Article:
At November 17, 2011 at 4:42 PM , Blogger Step Parenting with Grace said...

Sue,

It's good to hear from you! I can only imagine how hard it is to not hear from your stepchildren as to whether or not they're coming at Thanskgiving. Sometimes I wonder if it's just how young adults do things - they don't make plans until the last minute! But it can be exasasperating if you're trying to plan the meal! I haven't been given an answer from my stepson as to whether he'll be joining us or not at Thanskgiving, but when it's just one person you don't know about, it's not that big of deal.

Good for you and your husband that you're not trying to change the unfortunate situation with the birth mom. But I do think it's okay to tell your stepchildren that it is common courtesy to give an answer regarding an invitation!

I hope you hear from them soon. Keep me posted! And decide that you're going to have a good Thanksgiving with your husband and his parents, regardless of who else comes. You have the right to do that for yourself!
Gayla

 
At November 18, 2011 at 10:40 AM , Anonymous Sue said...

My MIL got an e-mail from the oldest of my step-children this morning. It said they deliberated, debated, and finally flipped a coin, and they will be going to their birth mom's for Thanksgiving. Because the invitation was issued over a month ago and none of the kids had RSVP'd, we knew something must be up. Now we know.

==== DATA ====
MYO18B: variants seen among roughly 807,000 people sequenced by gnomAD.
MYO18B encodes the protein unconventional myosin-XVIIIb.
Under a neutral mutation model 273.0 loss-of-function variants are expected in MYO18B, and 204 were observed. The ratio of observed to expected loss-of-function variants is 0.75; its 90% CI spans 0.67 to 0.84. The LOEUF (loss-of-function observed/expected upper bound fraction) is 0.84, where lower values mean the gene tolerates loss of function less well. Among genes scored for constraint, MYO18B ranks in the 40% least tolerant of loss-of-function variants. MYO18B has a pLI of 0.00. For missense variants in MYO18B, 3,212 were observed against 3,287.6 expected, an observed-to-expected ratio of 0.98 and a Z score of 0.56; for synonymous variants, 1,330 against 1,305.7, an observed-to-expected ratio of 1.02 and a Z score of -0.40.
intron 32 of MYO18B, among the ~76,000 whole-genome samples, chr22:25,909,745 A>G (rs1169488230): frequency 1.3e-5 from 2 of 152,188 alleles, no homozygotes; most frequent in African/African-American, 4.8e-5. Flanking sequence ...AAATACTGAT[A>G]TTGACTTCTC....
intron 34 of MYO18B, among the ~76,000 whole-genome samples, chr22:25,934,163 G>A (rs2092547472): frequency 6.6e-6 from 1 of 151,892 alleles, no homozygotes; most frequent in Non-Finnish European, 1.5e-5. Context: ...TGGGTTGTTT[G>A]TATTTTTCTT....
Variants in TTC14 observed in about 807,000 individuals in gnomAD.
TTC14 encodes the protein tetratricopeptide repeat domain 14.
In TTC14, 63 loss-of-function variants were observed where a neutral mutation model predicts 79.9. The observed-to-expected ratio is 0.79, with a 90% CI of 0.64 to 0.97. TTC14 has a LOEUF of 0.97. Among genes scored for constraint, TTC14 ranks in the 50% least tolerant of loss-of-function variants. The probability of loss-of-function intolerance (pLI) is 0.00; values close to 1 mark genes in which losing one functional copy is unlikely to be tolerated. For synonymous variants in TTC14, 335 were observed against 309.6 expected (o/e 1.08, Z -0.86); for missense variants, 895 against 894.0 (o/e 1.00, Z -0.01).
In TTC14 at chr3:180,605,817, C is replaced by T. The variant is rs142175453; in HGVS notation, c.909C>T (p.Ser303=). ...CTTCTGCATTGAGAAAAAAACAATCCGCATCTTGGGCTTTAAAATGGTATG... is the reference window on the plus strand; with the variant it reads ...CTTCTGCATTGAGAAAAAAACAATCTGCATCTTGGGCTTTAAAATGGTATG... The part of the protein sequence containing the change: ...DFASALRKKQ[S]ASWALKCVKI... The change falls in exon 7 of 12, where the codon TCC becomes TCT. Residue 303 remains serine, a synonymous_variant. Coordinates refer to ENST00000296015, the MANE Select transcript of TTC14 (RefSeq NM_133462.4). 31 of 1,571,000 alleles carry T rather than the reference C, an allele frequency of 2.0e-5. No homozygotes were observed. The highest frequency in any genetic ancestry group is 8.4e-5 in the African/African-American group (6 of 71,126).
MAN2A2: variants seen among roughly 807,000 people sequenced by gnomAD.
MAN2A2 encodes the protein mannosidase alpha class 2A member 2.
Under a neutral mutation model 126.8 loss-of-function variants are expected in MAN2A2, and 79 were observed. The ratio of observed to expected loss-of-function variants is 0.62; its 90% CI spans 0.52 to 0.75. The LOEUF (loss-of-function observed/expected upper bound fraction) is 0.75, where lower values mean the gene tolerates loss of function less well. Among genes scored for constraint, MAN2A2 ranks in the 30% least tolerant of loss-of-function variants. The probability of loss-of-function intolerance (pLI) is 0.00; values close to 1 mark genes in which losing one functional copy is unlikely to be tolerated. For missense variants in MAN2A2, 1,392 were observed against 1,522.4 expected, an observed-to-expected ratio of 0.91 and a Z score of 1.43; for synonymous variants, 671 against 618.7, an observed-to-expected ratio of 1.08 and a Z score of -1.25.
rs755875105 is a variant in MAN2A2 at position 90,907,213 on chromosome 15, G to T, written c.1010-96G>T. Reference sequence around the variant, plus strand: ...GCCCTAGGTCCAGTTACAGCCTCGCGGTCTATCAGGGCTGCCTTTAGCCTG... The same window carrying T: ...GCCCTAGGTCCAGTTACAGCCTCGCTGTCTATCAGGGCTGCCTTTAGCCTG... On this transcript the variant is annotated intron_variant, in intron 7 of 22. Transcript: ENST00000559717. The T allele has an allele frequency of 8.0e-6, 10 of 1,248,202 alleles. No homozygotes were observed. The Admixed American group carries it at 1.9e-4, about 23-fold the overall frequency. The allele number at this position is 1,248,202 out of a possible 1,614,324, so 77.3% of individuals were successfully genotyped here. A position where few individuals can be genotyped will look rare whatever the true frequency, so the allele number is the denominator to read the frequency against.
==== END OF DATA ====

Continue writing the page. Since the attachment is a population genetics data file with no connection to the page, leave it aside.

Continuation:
I don't begrudge their BM spending the holiday with her children, but she has NEVER wanted to have them for Thanksgiving in the twelve years that I've been in the picture, so we had gotten used to them always being with us. Yet another adjustment. I'll let you know how it goes.

 
At November 18, 2011 at 5:08 PM , Blogger Step Parenting with Grace said...

Sue,
I hate to hear that - I'm sure you're disappointed. I think it's harder to deal with because she hasn't been an active mom for 12 years and is now entering the picture on a more regular basis. I'm sorry - hope you and your husband and in-laws can find a way to enjoy the holiday anyway. Let me know how it goes. I will be praying for you!
Gayla

 
At November 28, 2011 at 10:40 AM , Anonymous Sue said...

Thanks for your prayers, Gayla. We had a very nice, albeit small, Thanksgiving celebration. My husband and I got to spend quality time with his parents visiting and enjoying each other's company--something it's difficult to do when the house is full and our attention is focused on all the children and grandchildren.

Having said that, I hope the kids come for Christmas Day or at least let us know their plans in advance so we choose another day to celebrate together if necessary.

 
At November 28, 2011 at 2:46 PM , Blogger Step Parenting with Grace said...

Sue, I'm glad it went well although I know you missed gathering with your stepchildren. Praying you can all find a time to get together over the Christmas break.

God will bless you as you continue to nurture relationships with your stepchildren despite their efforts. Don't give up. "Be strong and courageous. Do not be terrified; do not be disouraged, for the Lord your God will be with you wherever you go." (Joshua 1:9)
Gayla